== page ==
Japanese II, grades 10 - 12: Students learn about some common products and practices of the Japanese New Year's celebration. Leslie Birkland's class splits into two groups: One sings New Year's songs, writes cards, and plays cultural games, while the other discusses New Year's food and decorations. After switching activities, the class reconvenes to compare the Japanese New Year's celebration with those of other cultures.
session 25 Japanese: Promoting Attractions of Japan
Japanese III - IV, grades 10 - 12: As part of a larger unit on the geography and culture of Japan, students learn the major regions and cities and discuss popular tourist destinations. Using timed activities, including a fast-paced Jeopardy-style quiz game, Yo Azama, 2012 ACTFL Teacher of the Year, assesses students on recall and recognition. As a culminating project, students create a travel brochure and begin planning a promotional video to attract visitors to Japan.
session 26 Latin: Music and Manuscripts
Latin II - III, IV AP, grades 10 - 12: Lauri Dabbieri's class explores how Latin manuscripts are interpreted, translated, and created. Latin IV students work independently to translate a passage from Vergil's Aeneid, while students in Latin II and III are guided through activities in translation and interpretation. Then the whole class works in pairs to create their own versions of illuminated Latin manuscripts.
session 27 Russian: Russian Cities, Russian Stories
Russian I and IV, grades 9 - 12: In this unique mixed-level class, Jane Shuffelton's students work on geography skills, story writing, and presentations. Russian IV students are paired with small groups of Russian I students to read a story, gather information, and write their own folktales. Each group shares their tale while the remaining students use their interpretive skills to write down specific information. In a separate activity, Russian IV students debate the role of the leader in Russian history after reading an article about Vladimir Putin.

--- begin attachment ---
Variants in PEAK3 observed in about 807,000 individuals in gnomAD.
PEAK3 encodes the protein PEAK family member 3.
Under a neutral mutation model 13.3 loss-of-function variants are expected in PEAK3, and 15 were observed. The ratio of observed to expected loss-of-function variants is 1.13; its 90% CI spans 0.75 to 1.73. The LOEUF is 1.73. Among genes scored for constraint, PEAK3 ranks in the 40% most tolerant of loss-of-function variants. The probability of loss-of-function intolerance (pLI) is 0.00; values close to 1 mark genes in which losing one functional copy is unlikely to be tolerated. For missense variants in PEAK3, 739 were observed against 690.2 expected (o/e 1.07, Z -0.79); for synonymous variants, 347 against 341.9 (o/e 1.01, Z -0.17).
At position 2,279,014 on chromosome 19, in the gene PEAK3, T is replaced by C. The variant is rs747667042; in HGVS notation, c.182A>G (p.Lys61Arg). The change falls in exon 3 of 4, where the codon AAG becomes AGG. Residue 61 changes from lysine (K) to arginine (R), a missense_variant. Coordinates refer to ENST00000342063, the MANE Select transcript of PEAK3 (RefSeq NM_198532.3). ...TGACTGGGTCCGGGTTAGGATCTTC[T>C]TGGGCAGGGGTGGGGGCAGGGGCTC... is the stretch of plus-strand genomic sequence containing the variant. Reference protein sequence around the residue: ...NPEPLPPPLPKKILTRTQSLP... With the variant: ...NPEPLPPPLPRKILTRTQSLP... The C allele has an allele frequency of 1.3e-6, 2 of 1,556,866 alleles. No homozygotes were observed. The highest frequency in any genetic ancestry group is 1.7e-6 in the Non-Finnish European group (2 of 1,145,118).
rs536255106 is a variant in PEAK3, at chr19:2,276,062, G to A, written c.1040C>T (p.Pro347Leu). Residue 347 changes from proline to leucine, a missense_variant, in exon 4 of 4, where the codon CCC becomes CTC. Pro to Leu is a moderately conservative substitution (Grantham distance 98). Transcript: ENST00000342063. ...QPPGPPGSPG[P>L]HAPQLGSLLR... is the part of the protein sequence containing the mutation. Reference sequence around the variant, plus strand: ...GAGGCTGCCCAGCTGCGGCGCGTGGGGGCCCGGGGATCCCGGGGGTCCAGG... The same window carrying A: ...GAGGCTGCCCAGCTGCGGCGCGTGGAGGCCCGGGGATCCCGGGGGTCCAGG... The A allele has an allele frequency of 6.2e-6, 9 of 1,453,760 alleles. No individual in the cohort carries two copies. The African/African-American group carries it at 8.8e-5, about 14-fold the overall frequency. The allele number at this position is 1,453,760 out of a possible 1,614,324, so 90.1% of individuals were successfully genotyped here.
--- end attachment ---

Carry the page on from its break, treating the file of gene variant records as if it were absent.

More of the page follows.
session 28 Spanish: Creating Travel Advice
Spanish III, grade 11: In this lesson, Fran Pettigrew gives her students a letter from a teacher in Chile who plans to bring students to visit the United States. Working with authentic tourist brochures in Spanish and their previous research, student groups plan itineraries for their Chilean counterparts. They prepare to send a follow-up letter to the Chilean teacher sharing their suggestions.
session 29 Spanish: Food Facts and Stories
Spanish I, grade 8: Students use math and science skills as they interpret nutritional information in a Spanish-language McDonald's menu. John Pedini's lesson integrates authentic materials, makes connections to other academic areas, and develops interpretive and interpersonal communication skills.
session 30 Spanish: Fruits of the Americas
Spanish I, grade 4: Teacher Carina Rodriguez combines visual media and multisensory activities in a vocabulary-building lesson about familiar and new fruit. Students learn what country the fruit comes from, try to identify the fruit solely through touch, and taste the fruit to categorize it as sweet or sour.
session 31 Spanish: Hearing Authentic Voices
Spanish I, grade 8: Davita Alston's class engages in mock phone conversations, brainstorms about how American teenagers occupy their time, and reviews a video of Spanish-speaking youths discussing their leisure activities. Later, two native Mexican students visit the class and answer questions about how they spend their free time in Mexico.
session 32 Spanish: Interpreting Literature
Spanish III, grade 11: This lesson centers on the story Dos Caras by the New Mexican author Sabine Ulibarri. Barbara Pope Bennett guides students as they recount the details and discuss their interpretations of the story and its moral message. Students act out segments of the story and then collaborate in groups to come up with alternate endings.
session 33 Spanish: Interpreting Picasso’s Guernica
Spanish II, grade 10: In this lesson, students use their interpretive abilities to learn about culture and history through art. The students in Meghan Zingle's class make initial observations about Picasso's painting, and then work in pairs to write and present a mock radio announcement about it. After reading about the painting's background, they discuss the history it represents.
session 34 Spanish: Politics of Art
Spanish V, grade 12: Lori Langer de Ramirez's class stages a political debate based on Spain's visa requirement for Central and South Americans who wish to enter that country. During the debate, students assume the role of Latin American artists whose work they had researched and weigh the pros and cons of boycotting an invitation to exhibit their work in Spain. After the debate, the class votes on whether or not to accept the Spanish invitation.
session 35 Spanish: Routes to Culture
Spanish II, grades 9 - 10: This culturally rich lesson falls in the middle of a thematic unit about the African presence in Latin America. Pablo Muirhead's students identify cultural aspects of stories about a fictitious African girl who is taken to Panama and enslaved. Then they work in small groups to incorporate these cultural aspects into skits to be performed by their classmates. The class also practices playing African/Latin American box drums called los cajones.